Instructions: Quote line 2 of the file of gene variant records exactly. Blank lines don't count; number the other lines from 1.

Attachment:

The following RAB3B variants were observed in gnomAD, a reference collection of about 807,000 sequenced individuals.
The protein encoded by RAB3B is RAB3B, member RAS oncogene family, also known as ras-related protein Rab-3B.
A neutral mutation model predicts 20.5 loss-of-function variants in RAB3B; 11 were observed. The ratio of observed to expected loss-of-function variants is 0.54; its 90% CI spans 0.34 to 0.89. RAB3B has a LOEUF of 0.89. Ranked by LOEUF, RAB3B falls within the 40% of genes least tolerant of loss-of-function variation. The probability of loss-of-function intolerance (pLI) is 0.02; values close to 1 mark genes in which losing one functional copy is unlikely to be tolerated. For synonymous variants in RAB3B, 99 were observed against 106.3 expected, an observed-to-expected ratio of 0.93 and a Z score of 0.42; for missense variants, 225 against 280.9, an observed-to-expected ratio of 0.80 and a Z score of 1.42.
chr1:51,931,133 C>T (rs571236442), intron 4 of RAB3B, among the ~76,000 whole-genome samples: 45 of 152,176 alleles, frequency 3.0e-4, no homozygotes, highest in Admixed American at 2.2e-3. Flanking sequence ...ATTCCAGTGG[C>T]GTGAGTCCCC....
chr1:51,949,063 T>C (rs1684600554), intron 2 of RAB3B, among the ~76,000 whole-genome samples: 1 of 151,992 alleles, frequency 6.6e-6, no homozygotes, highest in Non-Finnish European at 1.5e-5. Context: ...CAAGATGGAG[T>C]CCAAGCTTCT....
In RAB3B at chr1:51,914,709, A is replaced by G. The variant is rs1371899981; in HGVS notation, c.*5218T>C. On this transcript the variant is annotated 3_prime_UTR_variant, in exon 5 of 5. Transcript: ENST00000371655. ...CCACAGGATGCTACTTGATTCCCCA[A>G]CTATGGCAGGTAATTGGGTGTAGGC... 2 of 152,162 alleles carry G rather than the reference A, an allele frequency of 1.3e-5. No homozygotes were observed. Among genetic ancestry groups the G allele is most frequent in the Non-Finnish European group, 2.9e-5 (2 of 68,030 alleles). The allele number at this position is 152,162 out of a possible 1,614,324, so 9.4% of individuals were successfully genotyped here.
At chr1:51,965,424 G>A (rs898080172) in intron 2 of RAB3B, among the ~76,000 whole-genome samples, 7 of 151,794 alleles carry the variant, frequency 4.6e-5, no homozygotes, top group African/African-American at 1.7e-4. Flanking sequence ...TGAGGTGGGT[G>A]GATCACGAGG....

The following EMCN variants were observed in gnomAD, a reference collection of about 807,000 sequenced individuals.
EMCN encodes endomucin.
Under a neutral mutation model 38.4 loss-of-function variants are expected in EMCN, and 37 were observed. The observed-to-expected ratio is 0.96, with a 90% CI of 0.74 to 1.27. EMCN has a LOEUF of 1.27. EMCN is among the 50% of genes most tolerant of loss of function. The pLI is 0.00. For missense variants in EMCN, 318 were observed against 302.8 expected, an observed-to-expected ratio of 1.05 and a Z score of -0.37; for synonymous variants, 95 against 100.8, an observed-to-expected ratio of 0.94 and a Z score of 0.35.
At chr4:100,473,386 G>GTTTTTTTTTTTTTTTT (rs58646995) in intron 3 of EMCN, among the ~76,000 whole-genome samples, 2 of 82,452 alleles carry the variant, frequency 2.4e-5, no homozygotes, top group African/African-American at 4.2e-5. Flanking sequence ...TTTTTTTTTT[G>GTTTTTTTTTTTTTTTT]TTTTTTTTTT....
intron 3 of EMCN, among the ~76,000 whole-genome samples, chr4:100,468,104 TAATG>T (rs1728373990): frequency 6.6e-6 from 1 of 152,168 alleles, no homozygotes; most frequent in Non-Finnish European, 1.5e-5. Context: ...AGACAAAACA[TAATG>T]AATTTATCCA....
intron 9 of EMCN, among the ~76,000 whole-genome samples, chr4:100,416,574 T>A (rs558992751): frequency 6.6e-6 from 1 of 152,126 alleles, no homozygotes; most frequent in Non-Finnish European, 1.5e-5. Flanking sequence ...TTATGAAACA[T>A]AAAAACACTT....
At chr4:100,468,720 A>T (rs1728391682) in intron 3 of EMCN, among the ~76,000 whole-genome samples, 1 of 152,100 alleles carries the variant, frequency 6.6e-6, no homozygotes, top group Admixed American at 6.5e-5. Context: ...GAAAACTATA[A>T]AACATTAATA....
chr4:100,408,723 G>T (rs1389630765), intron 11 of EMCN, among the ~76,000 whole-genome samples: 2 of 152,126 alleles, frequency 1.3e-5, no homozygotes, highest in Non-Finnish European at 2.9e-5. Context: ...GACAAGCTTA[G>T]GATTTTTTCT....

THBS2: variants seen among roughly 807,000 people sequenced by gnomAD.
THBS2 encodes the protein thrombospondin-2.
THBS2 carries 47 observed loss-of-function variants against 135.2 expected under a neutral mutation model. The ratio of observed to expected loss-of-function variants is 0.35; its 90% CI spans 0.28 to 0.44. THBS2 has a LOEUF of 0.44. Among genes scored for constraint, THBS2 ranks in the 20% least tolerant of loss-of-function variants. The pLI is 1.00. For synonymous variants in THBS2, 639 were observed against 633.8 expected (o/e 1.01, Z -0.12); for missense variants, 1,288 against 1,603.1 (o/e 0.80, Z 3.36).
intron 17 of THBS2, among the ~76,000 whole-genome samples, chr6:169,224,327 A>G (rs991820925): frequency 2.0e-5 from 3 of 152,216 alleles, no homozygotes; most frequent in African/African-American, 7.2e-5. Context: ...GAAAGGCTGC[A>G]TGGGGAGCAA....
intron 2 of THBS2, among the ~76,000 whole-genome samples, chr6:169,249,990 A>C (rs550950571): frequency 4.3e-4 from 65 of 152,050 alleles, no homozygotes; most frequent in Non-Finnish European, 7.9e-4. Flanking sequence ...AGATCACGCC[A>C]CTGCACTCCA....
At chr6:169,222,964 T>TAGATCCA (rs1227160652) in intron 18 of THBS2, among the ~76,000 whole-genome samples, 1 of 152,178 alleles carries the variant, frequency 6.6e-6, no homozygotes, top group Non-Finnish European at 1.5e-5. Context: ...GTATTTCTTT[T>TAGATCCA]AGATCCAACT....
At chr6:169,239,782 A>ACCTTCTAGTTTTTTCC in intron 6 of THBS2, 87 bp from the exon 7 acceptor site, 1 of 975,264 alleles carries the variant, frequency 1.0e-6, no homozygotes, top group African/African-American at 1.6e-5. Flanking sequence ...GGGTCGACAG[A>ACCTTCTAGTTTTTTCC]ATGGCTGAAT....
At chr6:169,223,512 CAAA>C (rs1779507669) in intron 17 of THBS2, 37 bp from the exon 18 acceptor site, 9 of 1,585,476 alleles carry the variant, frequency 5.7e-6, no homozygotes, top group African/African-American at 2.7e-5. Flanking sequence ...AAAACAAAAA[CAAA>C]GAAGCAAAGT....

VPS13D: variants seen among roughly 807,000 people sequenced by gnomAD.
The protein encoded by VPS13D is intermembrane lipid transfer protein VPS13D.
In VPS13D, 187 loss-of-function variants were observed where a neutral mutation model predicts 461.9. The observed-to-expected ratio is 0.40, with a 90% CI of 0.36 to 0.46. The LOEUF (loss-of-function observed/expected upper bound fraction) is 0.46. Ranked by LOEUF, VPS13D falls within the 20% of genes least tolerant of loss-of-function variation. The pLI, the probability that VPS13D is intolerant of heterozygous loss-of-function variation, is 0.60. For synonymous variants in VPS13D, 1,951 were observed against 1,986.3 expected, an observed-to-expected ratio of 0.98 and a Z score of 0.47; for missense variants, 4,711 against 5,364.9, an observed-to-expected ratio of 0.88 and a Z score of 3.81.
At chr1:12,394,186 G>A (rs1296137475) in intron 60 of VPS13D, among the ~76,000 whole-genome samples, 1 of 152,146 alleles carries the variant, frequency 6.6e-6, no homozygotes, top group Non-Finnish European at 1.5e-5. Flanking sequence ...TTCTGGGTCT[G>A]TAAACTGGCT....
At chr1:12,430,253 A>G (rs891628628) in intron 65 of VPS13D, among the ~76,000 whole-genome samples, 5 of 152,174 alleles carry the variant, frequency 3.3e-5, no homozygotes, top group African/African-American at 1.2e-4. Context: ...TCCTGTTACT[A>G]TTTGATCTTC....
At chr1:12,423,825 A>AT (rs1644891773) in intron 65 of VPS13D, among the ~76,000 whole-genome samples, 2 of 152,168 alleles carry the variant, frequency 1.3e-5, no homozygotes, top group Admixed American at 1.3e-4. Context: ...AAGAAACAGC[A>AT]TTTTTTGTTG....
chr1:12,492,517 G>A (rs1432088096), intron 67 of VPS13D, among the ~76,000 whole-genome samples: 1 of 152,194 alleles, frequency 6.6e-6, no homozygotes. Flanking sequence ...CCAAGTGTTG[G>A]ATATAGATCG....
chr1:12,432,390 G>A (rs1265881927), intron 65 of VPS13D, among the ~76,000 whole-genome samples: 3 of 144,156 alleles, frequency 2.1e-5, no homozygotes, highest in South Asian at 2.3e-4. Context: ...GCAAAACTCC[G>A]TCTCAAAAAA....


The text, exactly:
The protein encoded by RAB3B is RAB3B, member RAS oncogene family, also known as ras-related protein Rab-3B.